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EPISTLE OF SAINT PAUL
PAUL, an apostle of Jesus Christ by the will of God, 2 and Timothy our brother, to the holy and faithful brethren in Christ that are at Colossé : favour be unto you, and peace, from God our Father.*
We give thanks to the God and Father of our Lord 4 Jesus Christ, (praying always for you, since we heard of 5 your faith in Christ Jesus, and of your love to all the saints,) because of the hope which is laid up for you in heaven, of which ye have heard before in the true 6 doctrinet of the gospelt; which is come to you, as it is in all the world also; and bringeth forth fruit, and increaseth; even as it doth among you since the day ye 7 heard of it, and knew the favour of God in truth; as ye
have learned [also] from Epaphras our beloved fellow8 servant, who is for you a faithful minister of Christ; who hath declared also to us your love in your spirit.
9 For this cause we also, since the day we heard it, cease not to pray for you, and to ask that ye may be filled with
✰ and from the Lord Jesus Christ, R. T.
+ Gr. word of truth, N. m.
as it bringeth forth fruit and increaseth in all the world also, even as among you, MSS. N, m.
the knowledge of God's will, in all spiritual wisdom and 10 understanding; that ye may walk in a manner worthy of the Lord so as to please* him in all things, being fruitful in every good work, and increasing in the knowledge 11 of God; strengthened with all might, according to his glorious power, unto all patience and endurance with 12 joyfulness; and giving thanks to the Father, that hath made us fit to be partakers of the inheritance of the saints 13 in light and that hath delivered us from the power of darkness, and hath translated us into the kingdom of his 14 beloved Sont: by whom we have redemption, even the 15 forgiveness of our sins; and who is the image of the in16 visible God, the first-born¶ of the whole creation**: for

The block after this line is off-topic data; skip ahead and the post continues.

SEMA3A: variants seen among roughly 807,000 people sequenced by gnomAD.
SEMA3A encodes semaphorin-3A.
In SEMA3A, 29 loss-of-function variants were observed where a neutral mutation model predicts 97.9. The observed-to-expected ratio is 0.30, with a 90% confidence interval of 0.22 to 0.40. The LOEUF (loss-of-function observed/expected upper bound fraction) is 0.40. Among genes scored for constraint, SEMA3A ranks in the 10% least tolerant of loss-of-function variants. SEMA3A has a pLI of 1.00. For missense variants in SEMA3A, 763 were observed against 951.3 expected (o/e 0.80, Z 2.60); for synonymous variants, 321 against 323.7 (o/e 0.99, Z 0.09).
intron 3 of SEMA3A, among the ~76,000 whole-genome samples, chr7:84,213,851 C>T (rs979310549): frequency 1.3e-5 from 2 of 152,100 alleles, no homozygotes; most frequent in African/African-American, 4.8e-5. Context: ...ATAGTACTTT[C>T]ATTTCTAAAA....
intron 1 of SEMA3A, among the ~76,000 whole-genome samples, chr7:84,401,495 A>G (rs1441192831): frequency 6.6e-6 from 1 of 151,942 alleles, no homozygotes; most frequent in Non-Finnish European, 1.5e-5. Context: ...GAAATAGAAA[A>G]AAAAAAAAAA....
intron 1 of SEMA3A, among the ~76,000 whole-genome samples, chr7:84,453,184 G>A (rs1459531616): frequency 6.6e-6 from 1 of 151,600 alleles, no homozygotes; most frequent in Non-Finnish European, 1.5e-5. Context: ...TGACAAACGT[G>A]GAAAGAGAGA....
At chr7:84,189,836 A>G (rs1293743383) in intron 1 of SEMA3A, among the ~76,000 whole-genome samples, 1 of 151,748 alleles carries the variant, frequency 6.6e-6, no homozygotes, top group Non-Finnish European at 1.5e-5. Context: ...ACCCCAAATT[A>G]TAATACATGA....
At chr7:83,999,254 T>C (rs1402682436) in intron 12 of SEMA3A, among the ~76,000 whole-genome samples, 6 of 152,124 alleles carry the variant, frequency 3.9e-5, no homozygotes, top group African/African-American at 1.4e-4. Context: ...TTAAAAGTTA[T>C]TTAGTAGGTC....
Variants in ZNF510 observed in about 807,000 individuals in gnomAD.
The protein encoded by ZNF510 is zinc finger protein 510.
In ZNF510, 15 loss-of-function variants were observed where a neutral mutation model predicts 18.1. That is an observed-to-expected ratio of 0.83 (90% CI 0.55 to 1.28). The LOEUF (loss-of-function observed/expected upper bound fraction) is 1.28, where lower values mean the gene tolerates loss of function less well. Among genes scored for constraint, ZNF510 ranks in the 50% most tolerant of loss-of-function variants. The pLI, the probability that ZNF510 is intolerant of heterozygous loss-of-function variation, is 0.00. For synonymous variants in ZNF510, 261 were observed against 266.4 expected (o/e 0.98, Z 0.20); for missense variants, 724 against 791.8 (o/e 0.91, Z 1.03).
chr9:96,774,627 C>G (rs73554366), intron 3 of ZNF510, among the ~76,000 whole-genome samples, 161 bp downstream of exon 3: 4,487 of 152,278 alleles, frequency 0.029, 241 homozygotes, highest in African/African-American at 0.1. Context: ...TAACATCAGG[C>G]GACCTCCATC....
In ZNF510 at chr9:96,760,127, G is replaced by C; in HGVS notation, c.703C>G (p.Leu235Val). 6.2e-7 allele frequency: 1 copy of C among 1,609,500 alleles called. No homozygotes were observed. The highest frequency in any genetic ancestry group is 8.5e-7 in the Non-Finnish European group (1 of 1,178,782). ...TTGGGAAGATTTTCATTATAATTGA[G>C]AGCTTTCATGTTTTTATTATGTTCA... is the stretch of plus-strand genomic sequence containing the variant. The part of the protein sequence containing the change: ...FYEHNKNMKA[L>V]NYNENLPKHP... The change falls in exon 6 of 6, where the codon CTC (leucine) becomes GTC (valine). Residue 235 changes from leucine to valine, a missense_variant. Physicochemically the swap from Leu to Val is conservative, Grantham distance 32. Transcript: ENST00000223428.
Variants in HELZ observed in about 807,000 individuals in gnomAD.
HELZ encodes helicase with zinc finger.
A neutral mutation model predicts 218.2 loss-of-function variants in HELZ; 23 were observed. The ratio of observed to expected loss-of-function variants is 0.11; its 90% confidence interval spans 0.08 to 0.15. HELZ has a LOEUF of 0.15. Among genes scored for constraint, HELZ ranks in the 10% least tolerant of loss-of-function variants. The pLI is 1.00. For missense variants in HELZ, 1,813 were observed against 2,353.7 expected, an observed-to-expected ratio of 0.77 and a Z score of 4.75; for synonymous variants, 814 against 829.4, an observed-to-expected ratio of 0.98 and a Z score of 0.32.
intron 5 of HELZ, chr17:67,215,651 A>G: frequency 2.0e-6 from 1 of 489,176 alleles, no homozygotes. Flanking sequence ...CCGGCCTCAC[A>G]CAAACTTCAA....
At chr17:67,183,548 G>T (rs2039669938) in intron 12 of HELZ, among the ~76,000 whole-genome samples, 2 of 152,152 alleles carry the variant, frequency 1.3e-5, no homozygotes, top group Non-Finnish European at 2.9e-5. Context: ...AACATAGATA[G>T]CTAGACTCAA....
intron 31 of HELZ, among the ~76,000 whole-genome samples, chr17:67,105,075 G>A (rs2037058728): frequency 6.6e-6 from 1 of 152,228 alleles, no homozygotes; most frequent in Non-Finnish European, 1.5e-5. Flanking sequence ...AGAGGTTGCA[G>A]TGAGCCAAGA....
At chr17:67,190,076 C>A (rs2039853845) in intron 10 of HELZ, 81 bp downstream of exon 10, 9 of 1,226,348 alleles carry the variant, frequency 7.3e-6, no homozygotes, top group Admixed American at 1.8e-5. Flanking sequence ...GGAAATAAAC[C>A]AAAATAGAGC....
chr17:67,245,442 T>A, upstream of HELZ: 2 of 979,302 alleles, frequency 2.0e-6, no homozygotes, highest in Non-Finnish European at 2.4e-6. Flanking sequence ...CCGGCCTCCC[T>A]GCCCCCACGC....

by him all things were created†† that are in heaven, and that are on earth, visible and invisible, whether they be thrones, or dominions, or principalities, or powers: all
* Gr. to all pleasing, N. m.
Or, hath made us fit by the light to be partakers, etc. See Rosenmuller.
an image, a first-born, Wakefield.
** N. m. every creature, N. The apostle explains his meaning, ver. 18.
That the apostle does not here intend the creation of natural substances is evident; for, 1st, He does not say that by him were created heaven and earth, but things in heaven, and things on earth: 2dly, He does not, in descending into detail, specify things themselves, viz. celestial and terrestrial substances, but merely states of things, viz. thrones, dominions, etc. which are only ranks and orders of beings in the rational and moral world: 3dly, It is plain from comparing ver. 15 and ver. 18, that Christ is called the first-born of the whole creation, because he is the first who was raised from the dead to an immortal life: 4thly, The creation of natural objects, the heaven, the earth and sea, and all things therein, when they are plainly and unequivocally mentioned, is uniformly and invariably ascribed to the Father, both in the Old Testament and the New. it follows, that the creation, which the apostle here ascribes to Christ, expresses that great change which was introduced into the moral world, and particularly into the relative situation of Jews and gentiles, by the dispensation of the gospel. This is often called creation, or the new creation, and is usually ascribed to Jesus Christ; who was the great prophet and messenger of the new covenant. See Eph. i. 10; ii. 10-15; iii. 9; iv. 24; Col. iii. 10; 2 Cor. v. 17. This great change the apostle here describes under the symbol of a revolution, introduced by Christ amongst certain ranks and orders of beings, by whom, according to the Jewish demonology, borrowed from the Oriental philosophy, the affairs of states and individuals were superintended and governed. See Mr. Lindsey's Sequel, p. 477, and Wetstein in loc.